The Future of Immigration with the new Supreme Court
With the confirmation of Brett Kavanaugh to the Supreme Court, we can expect a slight rightward tilt in the court’s opinions. Applied to the field of immigration, this means the Supreme Court is likely to side more frequently with the Trump Administration on its enforcement centered approach rather than a human impact one. Justice Kavanaugh is replacing Anthony Kennedy, who as the frequent “swing vote” had traditionally favored civil liberties over government power. Kavanaugh’s record on immigration shows an alarming view regarding the rights of aliens. For instance, in his dissenting opinion in Agri Processing Co. Inc v. National Labor Relations Board he offered to deprive immigrants’ equal protection under the law, regardless of status, arguing that undocumented immigrants have no labor rights as employees. (Ironically, this view incentivizes employers to hire undocumented workers to avoid labor law.)
Justice Kavanaugh’s ultra-conservative views on immigration will have a direct impact on a case currently before the Supreme Court dealing with the rights of immigrants. The case is Nielson v. Preap, where at issue is one aspect of the government’s right to hold criminal immigrant detainees without the chance to seek bond while they contest their removal, or what is referred to as “mandatory detention.” Under current law, the government can hold, without bond, aliens convicted of certain crimes and who have just been released from incarceration. The specific section of the statute at issue reads: “[t]he Attorney General shall take into custody any alien who is inadmissible by reason of having committed any offense covered in section when the alien is released.” The Plaintiffs, many of whom are lawful permanent residents, had been convicted of certain crimes, served a prison term, and since exhibited demonstrable good conduct after release from incarceration. The Trump administration wishes to expand the application of the “mandatory detention” provision to detain aliens during their removal process, without the possibility of bond, who had served time for certain convictions, including those who had been released many years prior. The plaintiffs believe that they should be able to seek bond in their removal proceedings if they have had a noncriminal life since their release. Hence, the question before the Supreme Court is whether such aliens are exempt from the “mandatory detention” provision.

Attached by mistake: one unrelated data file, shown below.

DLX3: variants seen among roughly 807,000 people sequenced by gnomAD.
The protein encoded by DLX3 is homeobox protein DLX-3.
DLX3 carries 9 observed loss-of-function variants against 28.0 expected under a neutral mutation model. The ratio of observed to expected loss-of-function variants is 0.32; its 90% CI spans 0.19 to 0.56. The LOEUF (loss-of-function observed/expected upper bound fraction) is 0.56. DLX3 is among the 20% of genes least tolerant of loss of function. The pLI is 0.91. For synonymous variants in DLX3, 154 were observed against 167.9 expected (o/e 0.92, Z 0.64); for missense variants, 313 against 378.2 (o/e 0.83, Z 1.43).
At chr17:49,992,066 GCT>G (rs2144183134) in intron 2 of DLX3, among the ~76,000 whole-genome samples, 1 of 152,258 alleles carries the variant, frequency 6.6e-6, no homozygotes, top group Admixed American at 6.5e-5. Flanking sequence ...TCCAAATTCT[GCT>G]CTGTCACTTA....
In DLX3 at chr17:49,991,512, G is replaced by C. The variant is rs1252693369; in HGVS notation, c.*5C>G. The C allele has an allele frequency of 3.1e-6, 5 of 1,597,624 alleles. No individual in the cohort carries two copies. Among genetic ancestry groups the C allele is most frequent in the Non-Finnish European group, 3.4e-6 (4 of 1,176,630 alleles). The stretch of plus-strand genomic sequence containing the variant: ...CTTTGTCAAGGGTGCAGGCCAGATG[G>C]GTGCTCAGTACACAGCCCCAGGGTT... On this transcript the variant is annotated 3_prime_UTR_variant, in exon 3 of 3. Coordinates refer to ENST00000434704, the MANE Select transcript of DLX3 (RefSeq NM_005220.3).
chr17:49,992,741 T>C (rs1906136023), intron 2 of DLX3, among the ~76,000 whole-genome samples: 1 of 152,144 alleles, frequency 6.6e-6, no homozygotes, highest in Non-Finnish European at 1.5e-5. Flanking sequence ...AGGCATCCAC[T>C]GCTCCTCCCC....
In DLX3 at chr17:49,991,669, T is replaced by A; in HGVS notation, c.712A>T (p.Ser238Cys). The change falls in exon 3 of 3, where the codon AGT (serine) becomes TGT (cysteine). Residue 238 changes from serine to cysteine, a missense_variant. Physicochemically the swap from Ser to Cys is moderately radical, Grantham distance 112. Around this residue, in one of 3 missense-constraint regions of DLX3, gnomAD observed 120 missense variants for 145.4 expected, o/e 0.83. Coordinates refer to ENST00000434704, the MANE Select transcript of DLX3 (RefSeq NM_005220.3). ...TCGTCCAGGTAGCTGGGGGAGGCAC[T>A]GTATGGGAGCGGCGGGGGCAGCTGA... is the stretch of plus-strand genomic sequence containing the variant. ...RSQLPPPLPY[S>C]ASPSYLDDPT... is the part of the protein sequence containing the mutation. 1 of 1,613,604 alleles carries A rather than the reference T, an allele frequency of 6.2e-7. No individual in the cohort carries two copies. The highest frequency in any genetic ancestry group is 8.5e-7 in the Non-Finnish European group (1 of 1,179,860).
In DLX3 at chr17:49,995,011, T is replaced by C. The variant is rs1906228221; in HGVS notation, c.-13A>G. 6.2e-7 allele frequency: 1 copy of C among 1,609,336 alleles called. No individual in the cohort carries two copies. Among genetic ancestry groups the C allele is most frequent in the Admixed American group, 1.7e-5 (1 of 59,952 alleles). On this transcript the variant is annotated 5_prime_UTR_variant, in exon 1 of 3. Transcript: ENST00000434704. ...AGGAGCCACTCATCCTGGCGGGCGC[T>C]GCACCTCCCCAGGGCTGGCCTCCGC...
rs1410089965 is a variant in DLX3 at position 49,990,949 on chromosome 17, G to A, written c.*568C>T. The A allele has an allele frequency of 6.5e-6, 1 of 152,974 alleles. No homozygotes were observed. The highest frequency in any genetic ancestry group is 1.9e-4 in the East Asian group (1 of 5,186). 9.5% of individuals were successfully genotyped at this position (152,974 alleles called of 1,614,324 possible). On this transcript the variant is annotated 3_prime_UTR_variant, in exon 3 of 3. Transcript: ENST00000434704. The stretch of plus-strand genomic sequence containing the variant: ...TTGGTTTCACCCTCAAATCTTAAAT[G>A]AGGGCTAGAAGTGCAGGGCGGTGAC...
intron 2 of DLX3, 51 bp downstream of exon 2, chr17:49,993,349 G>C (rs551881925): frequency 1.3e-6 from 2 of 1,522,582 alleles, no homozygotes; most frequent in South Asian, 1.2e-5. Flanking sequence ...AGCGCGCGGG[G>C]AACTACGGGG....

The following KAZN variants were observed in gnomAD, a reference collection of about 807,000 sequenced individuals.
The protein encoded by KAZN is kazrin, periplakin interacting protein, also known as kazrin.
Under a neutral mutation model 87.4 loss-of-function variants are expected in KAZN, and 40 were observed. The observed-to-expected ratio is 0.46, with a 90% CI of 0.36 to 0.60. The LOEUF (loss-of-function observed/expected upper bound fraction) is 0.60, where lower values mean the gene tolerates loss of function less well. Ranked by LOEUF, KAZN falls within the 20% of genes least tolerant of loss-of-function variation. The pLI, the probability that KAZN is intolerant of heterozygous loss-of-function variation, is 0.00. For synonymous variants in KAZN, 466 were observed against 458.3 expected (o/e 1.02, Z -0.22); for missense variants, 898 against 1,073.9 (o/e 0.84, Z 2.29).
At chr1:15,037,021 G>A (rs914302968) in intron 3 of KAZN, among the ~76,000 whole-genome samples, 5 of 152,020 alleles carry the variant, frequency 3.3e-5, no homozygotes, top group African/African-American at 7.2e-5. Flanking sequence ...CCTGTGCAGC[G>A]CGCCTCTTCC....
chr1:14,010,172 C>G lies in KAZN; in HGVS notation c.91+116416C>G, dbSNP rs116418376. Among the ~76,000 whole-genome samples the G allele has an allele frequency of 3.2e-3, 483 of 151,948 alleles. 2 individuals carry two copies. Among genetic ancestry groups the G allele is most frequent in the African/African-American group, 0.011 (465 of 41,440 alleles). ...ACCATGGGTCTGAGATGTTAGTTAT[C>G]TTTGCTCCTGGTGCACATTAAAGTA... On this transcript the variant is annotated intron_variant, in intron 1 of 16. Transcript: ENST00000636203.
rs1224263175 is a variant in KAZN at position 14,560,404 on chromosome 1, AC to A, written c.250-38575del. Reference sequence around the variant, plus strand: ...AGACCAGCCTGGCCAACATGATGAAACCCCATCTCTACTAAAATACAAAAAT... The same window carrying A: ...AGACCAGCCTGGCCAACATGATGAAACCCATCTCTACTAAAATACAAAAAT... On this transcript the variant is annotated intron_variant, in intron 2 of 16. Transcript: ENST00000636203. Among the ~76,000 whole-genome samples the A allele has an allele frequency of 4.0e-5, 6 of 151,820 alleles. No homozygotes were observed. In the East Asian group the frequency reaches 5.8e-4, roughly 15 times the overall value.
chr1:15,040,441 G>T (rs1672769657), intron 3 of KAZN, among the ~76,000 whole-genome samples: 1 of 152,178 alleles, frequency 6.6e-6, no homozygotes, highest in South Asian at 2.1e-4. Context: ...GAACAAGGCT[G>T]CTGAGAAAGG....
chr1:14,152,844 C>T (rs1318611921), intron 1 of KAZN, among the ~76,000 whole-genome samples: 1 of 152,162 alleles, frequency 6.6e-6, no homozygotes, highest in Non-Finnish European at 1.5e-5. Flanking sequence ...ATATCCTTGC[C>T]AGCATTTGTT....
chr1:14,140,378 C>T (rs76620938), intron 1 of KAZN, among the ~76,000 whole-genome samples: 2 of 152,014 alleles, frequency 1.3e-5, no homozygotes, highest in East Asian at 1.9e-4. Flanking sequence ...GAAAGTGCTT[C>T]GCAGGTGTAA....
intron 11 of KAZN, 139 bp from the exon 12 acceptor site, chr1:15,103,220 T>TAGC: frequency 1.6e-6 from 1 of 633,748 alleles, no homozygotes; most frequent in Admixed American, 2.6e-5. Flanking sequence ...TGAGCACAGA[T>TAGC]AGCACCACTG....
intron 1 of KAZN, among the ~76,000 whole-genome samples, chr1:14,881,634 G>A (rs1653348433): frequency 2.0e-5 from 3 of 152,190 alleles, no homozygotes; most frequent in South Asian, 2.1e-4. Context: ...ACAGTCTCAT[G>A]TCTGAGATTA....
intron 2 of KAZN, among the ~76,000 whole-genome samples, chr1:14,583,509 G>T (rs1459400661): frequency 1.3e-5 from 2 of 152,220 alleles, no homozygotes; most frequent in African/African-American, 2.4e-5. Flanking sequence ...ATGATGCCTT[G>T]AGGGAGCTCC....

In this case, it is likely that Justice Kavanaugh will side with the government. He has had a string of opinions against the rights of aliens of all statuses. He has ruled that undocumented workers are unable to vote in union elections and that immigrants in detention cannot have access to abortion. He has also questioned the validity of popular non-immigrant programs, such as the Optional Practical Training (OPT) that gives recent F-1 student graduates a temporary right to work and temporary specialized foreign labor programs, such as H-1B and L-1B. Kavanaugh has said of the former that F-1 students cannot also be workers and in the latter that U.S. companies should have to recruit and train Americans to perform specialized tasks when temporary foreign workers that already have the required skills are available. We anticipate Kavanaugh to continue his record of overenforcement on the Supreme Court. In fact, he has already shown this in his remarks in oral arguments of Nielsen v. Preap, saying that the mindset of those who wrote the law at issue was “harshness.” Kavanaugh’s view appears to be assuming absolute executive enforcement power unless otherwise mentioned. In the absence of a specific time limit in the law, Kavanaugh does not see fit to impose any on the government in this case.
With Kavanaugh on the Court, along with conservatives Alito, and Thomas, there are at least 3 reliable voices for increasing government power in enforcement and decreasing the rights of immigrants. The other Trump appointee, Justice Gorsuch, was assumed to be of the same mindset as the other conservatives. But in oral arguments on Nielsen, Gorsuch showed concerns of not limiting the government’s power. It is possible that over time he isn’t as reliably pro-Trump as at first assumed. There are also four voices on the liberal end (Sotomayor, Kagan, Breyer, and Ginsburg) who are assumed to continue to uphold a view that protects the rights of immigrants. In the middle of the new court is Chief Justice John Roberts, who is likely to side with the conservatives on most issues. While Roberts ruled with the government on the Travel Ban, saying the President has the ultimate right to add temporary immigration restrictions if he sees fit, Roberts has expressed concerns in giving the executive unlimited power. He may do so again in Nielsen.
One example of Roberts’ concern with unlimited power was his criticism of the President’s desire to be able to retroactively revoke citizenship for immigrants who were discovered to have lied about or omitted information that is not “material” to their being granted citizenship. Roberts felt that allowing the government to be able to revoke citizenship for immigrants, perhaps years after the fact, for trivial matters would be unwarranted and dangerous. For this reason, Roberts may be a swing vote on Nielsen v. Preap (though he should be considered as leaning in favor of the government in immigration matters as a whole).
The world of U.S. immigration continues to become more alarming for immigrants and temporary workers alike. Our firm is ready to continue to support these populations through the challenges posed by the Trump administration. If you feel affected by the governments stance toward overenforcement, it is critical you obtain experienced immigration counsel. Contact us today for a review of your case and to learn how to preserve your rights.